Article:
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City handing out second round of over $100,000 in core building improvement grants

City says it has seen 'significant' interest in Community Improvement Plan grants since the start of August
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The new owners of 30 Dickson St. in Galt are renovating the exterior of the building and upgrading the interior commercial space before leasing it out.

More downtown Cambridge enhancements are in the works now that the city is picking up part of the tab.

A second round of grants designed as incentives for owners to upgrade core buildings is being tabled for council consideration this week.

The three buildings that are a subject of Community Improvement Plan grants this round are 30 Dickson St. in Galt, 38 Ainslie St. N. and 759 King St. E. in Preston.

The former home of the Galt Masonic Temple at 30 Dickson was purchased by new owners last spring. The $300,000 plan for the building, located across from the Cambridge Farmers’ Market, is to completely renovate the exterior and overhaul the commercial unit on the main floor, which the city says “badly in need of an upgrade to be leased.” 

The owners have applied for a Commercial Building Restoration, Renovation and Improvement Grant (CBRRIG) worth $20,000 to complete the work, which staff believe will enhance Galt’s core by increasing the workforce and providing spin-off benefits for neighbouring businesses.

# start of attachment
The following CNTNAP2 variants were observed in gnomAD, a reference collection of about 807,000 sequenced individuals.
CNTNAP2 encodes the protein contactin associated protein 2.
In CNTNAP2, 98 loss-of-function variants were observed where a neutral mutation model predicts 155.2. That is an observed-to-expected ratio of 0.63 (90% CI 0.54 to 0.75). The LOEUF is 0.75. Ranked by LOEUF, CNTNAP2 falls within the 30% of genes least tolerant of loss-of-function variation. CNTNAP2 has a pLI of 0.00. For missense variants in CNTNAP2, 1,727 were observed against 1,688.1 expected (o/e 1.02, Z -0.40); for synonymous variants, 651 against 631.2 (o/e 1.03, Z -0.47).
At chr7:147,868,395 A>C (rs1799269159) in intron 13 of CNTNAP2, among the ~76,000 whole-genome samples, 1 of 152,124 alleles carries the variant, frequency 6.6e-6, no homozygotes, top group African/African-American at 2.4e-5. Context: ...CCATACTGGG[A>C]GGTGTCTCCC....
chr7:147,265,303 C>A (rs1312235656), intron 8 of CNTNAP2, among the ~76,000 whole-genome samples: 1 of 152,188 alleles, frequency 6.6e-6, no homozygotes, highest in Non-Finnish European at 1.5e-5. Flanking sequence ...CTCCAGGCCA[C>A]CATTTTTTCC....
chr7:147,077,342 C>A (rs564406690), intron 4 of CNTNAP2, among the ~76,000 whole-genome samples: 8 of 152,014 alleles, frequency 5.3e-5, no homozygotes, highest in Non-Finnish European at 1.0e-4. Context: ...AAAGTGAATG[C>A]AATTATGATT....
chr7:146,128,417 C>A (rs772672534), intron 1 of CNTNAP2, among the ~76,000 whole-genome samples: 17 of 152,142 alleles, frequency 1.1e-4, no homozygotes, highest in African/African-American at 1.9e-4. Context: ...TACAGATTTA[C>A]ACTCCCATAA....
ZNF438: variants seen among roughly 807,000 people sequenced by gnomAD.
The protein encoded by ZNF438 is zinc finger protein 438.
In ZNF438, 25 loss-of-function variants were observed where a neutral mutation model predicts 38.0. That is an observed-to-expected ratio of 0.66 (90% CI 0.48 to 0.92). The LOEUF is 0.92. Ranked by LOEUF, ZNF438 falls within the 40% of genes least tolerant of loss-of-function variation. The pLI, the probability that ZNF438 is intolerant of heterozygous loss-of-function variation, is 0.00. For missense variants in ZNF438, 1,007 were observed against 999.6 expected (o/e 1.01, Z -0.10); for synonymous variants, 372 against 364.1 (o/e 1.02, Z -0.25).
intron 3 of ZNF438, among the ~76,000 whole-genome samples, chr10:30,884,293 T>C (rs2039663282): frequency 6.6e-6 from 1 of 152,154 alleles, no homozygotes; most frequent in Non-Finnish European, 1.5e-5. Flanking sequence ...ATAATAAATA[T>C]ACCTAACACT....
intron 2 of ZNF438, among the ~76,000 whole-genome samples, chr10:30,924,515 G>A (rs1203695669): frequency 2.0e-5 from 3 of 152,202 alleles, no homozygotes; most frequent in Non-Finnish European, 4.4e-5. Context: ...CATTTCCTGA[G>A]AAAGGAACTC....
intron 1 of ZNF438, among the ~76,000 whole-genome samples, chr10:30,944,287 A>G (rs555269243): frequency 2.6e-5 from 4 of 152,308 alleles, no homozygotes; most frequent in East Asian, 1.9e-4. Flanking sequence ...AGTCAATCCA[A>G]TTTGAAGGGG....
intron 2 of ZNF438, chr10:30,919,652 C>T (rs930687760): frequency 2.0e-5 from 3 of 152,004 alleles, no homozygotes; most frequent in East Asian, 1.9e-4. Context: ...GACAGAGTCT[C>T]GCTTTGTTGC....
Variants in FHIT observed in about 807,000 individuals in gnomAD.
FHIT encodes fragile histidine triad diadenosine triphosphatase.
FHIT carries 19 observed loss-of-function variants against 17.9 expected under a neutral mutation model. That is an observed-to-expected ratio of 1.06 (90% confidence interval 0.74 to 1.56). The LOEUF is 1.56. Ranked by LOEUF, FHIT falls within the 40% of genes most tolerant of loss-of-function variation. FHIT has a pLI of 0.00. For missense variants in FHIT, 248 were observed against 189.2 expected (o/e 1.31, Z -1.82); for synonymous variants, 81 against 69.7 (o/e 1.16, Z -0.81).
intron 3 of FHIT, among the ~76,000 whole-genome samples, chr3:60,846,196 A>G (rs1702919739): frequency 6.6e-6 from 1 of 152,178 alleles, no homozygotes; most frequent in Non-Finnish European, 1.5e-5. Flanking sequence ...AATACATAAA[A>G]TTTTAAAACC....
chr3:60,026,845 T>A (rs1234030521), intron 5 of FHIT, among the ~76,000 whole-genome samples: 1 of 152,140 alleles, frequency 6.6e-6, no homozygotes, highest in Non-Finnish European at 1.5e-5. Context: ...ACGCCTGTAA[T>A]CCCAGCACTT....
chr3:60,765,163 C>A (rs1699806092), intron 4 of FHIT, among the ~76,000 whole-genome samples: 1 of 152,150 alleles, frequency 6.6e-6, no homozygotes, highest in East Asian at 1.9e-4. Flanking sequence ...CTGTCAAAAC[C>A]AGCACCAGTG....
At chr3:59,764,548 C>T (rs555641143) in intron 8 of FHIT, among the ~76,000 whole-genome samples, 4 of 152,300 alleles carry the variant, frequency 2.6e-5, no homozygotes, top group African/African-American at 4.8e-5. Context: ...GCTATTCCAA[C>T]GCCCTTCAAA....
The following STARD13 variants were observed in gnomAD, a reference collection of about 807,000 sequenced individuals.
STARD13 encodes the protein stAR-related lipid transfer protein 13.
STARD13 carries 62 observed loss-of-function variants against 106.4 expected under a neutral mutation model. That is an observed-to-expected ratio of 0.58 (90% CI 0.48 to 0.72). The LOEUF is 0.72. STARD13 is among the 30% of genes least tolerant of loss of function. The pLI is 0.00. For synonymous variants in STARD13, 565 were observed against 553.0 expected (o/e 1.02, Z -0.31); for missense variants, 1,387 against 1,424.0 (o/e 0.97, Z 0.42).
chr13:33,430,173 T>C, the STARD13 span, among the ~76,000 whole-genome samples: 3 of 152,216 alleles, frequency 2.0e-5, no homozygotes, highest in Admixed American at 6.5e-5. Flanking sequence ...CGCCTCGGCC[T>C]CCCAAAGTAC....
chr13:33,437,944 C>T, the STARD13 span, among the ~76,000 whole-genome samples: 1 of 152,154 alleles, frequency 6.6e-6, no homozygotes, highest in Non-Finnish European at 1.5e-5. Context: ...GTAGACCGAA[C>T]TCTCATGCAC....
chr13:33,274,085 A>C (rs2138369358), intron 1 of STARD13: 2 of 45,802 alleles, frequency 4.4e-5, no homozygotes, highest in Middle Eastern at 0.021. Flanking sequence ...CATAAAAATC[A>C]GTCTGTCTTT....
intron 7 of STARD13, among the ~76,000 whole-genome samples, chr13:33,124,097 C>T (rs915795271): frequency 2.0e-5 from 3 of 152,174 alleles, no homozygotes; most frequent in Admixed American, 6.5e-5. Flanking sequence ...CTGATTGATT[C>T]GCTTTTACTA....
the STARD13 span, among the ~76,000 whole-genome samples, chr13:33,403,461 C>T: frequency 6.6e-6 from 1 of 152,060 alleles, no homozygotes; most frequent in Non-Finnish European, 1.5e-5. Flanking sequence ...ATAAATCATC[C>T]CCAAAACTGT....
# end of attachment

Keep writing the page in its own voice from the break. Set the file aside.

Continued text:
Exterior work is already in progress.

Next door, at 38 Ainslie, the owners have been working with the city’s economic development team for months on plans to renovate the existing commercial space, which currently houses a second hand store benefiting Cambridge Memorial Hospital, and was the former home of a stained glass shop and studio.

Their application for a CBRRIG grant is for $11,413 on an overall investment of $150,000.

Redevelopment of 759 King in Preston is also underway with a new facade coming to the exterior and upgrades to four residential units on the upper floor.

The property is the home of four businesses, including Sauce Boss and Papa John’s Pizza.

The owners applied for a Commercial Property Improvement Grant of $30,000 and a Mixed Use Conversion and Restoration Grant for $40,000.

The applicant is investing over $600,000 in the project that is expected to increase the population and traffic in Preston’s core.

None of the three properties are on the city’s heritage registry.

Since the implementation of the Community Improvement Plan grants in early August, the city says interest in the grant programs has been significant.

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Doug Coxson

About the Author: Doug Coxson

Doug has been a reporter and editor for more than 25 years, working mainly in Waterloo region and Guelph.
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